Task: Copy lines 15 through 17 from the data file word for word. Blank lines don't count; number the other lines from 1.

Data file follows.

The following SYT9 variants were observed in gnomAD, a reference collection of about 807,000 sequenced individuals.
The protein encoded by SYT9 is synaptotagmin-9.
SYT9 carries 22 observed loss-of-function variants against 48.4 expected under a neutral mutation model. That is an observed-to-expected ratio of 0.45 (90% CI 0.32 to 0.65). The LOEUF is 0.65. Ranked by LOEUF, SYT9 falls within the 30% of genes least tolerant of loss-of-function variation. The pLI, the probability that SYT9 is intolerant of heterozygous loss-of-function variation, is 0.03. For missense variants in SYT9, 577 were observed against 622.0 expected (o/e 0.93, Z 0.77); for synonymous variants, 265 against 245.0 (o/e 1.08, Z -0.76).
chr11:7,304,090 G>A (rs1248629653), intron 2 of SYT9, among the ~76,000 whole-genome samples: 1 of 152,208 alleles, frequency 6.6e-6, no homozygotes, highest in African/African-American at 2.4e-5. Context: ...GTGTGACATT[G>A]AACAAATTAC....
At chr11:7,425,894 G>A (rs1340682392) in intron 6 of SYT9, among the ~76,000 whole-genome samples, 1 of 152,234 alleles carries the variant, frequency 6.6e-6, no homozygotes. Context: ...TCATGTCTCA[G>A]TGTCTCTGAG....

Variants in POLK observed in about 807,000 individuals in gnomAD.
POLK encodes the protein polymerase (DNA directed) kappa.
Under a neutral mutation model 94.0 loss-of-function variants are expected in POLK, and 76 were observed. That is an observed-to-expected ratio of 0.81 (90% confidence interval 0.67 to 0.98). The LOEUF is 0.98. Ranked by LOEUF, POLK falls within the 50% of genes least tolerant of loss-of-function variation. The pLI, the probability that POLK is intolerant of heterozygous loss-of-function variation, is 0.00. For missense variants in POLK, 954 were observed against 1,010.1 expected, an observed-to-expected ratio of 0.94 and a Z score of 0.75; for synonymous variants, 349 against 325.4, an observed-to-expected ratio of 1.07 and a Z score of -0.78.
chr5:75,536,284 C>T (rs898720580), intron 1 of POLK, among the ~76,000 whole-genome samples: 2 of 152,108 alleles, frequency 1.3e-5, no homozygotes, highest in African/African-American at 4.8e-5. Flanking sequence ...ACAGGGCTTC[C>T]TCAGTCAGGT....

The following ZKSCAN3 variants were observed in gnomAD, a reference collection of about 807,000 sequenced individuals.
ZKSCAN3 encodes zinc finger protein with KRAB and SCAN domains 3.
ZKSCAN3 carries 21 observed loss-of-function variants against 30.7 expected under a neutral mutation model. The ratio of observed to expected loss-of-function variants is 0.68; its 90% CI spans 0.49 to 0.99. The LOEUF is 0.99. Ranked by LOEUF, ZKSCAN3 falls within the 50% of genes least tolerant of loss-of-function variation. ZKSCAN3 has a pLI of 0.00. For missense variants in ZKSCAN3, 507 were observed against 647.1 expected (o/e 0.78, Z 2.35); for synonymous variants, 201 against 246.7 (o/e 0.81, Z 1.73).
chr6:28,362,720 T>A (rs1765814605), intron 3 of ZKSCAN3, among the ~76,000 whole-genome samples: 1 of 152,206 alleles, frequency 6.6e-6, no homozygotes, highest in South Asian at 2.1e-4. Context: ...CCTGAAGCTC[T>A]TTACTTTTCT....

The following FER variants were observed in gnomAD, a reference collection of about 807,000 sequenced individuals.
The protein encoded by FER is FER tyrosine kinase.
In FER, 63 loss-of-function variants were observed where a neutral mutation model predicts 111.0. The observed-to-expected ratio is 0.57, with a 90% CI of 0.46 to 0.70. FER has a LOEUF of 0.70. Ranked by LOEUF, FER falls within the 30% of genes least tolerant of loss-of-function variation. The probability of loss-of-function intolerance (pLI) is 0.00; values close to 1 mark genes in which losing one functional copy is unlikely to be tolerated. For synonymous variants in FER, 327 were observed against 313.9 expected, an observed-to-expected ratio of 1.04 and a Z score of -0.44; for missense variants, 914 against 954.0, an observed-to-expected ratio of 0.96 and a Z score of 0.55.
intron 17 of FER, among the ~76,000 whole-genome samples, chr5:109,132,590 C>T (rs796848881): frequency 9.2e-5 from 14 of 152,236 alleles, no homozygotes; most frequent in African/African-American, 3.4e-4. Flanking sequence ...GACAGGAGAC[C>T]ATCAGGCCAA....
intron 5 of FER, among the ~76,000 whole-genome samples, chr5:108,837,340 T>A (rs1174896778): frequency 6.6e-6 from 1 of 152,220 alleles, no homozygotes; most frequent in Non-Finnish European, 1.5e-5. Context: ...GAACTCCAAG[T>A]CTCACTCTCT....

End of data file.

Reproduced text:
The protein encoded by FER is FER tyrosine kinase.
In FER, 63 loss-of-function variants were observed where a neutral mutation model predicts 111.0. The observed-to-expected ratio is 0.57, with a 90% CI of 0.46 to 0.70. FER has a LOEUF of 0.70. Ranked by LOEUF, FER falls within the 30% of genes least tolerant of loss-of-function variation. The probability of loss-of-function intolerance (pLI) is 0.00; values close to 1 mark genes in which losing one functional copy is unlikely to be tolerated. For synonymous variants in FER, 327 were observed against 313.9 expected, an observed-to-expected ratio of 1.04 and a Z score of -0.44; for missense variants, 914 against 954.0, an observed-to-expected ratio of 0.96 and a Z score of 0.55.
intron 17 of FER, among the ~76,000 whole-genome samples, chr5:109,132,590 C>T (rs796848881): frequency 9.2e-5 from 14 of 152,236 alleles, no homozygotes; most frequent in African/African-American, 3.4e-4. Flanking sequence ...GACAGGAGAC[C>T]ATCAGGCCAA....